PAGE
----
Lessons you don’t learn in the classroom

by Tess Haegele

October 4, 2015

As Texas is seeing increased consequences from the drought, and we are looking to meet a shortfall of 2.7 trillion gallons of water by 2060 [1], it’s a great time to evaluate what is happening with Texas water policy. I recently had the opportunity to look at water policy from the field rather than the classroom at a West Travis County Public Utility Agency (WTCPUA) meeting. I learned a few things that you often don’t discuss in the classroom but that influence the effectiveness of policy implementation. My two key findings are that policy should be tailored on a case by case basis, and effective communication is key.

To touch upon the first point, my observation was based on a good portion of the meeting spent debating what level of customer service the utility should provide in helping customers detect water leaks. Considering the average household loses 10,000 gallons of water a year to leaks, detection is important not only for the conservation of water, but also to save customers money [2]. Often times policy makers get caught up in what they know and forget how much the customers actually know. This can lead to expectations that are more than can be asked and customer dissatisfaction. Through speaking with a local resident, I learned that in rural areas (much more so than urban areas) the utility can have a profound impact on the community, especially when it comes to growth and sprawl. There is a balance to be struck between what the developers want and what the public wants. Together these observations show that it is important for policy to be satisfactory for all involved and appropriate for a given populace.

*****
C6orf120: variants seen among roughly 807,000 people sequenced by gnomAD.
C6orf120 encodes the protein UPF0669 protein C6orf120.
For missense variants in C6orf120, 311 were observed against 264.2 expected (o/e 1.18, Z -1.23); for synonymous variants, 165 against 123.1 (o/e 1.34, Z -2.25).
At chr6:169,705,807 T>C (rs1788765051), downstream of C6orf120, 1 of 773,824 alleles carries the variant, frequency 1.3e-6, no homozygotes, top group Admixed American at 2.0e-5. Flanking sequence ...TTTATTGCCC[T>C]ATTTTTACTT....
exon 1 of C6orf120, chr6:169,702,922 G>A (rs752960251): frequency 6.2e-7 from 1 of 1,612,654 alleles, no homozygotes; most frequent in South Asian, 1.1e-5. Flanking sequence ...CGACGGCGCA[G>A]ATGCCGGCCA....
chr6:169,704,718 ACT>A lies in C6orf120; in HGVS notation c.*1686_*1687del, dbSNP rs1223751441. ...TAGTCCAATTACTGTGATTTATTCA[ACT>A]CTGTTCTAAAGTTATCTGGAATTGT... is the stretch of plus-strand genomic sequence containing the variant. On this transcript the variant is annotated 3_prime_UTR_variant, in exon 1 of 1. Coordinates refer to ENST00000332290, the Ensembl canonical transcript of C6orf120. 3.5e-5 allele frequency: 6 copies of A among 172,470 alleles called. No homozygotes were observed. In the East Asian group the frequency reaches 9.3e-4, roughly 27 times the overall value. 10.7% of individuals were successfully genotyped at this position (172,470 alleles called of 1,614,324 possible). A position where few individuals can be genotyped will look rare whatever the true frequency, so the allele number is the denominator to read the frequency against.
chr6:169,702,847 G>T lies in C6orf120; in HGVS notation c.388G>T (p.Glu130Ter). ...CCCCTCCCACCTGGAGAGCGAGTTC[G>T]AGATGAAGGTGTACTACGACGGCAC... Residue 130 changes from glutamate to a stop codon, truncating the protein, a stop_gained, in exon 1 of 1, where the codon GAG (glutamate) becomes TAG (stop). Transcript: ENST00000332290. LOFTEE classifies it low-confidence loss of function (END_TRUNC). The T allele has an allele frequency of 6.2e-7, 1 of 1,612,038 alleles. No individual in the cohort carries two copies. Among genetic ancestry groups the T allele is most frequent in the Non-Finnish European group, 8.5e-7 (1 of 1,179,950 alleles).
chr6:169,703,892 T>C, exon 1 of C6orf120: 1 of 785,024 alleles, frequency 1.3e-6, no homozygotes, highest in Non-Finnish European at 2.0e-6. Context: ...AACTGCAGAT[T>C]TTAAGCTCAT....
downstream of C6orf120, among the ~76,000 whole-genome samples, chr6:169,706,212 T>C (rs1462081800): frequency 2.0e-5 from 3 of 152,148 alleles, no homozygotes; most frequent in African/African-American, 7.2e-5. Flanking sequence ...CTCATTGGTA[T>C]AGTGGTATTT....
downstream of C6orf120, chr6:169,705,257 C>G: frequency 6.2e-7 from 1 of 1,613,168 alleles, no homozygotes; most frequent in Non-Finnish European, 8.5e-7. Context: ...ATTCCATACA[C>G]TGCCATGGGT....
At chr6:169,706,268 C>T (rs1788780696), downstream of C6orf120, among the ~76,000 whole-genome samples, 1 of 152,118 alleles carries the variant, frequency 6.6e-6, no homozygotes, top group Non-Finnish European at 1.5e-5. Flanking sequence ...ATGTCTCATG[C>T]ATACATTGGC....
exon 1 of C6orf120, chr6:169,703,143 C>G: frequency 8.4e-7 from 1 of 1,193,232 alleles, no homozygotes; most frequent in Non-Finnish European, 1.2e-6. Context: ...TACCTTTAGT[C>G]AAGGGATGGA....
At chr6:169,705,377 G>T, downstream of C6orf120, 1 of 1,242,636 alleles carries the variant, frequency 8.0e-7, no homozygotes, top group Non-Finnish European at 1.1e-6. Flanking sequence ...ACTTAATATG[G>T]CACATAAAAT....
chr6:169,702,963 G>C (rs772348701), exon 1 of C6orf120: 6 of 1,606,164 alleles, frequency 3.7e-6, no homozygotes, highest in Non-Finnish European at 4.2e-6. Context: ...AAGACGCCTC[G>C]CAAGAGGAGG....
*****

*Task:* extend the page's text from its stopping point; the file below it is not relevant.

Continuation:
Developing policy fit for its population is important but only half the battle of effective implementation. An excellent example of the PUAs communication issues was discussed during the meeting. A board member involved with his community’s home owners association was unaware of a change in days they could water, well after the change was made. This information was printed on the water bill, as mail outs would be too expensive, but this meant customers wouldn’t hear until the following billing cycle at the earliest. This ineffective communication is not a onetime issue. The local resident I spoke with mentioned that the PUA has a terrible track record with selling their ideas to the public. This issue leads me to conclude that the utility must consider how to effectively communicate and sell their decisions, and how to allocate funds to ensure this. The flip side, customer communication with the utility, is equally important. I believe if communication from both sides was better, the functionality of the utility would improve.

I encourage all students to take an opportunity to see how it works in the real world. There are valuable lessons to be learned that we can take with us to the workforce. I encourage utilities to take a step back and see if there are ways to more effectively implement policy. We can’t control the climate, but we can improve the policy governing what scare water resources we have. 


[1] 2012 State Water Plan. Texas Water Development Board, n.d. 

[2] "Fix A Leak Week." Water Sense. United States Environmental Protection Agency (EPA), 1 Oct. 2015. Web.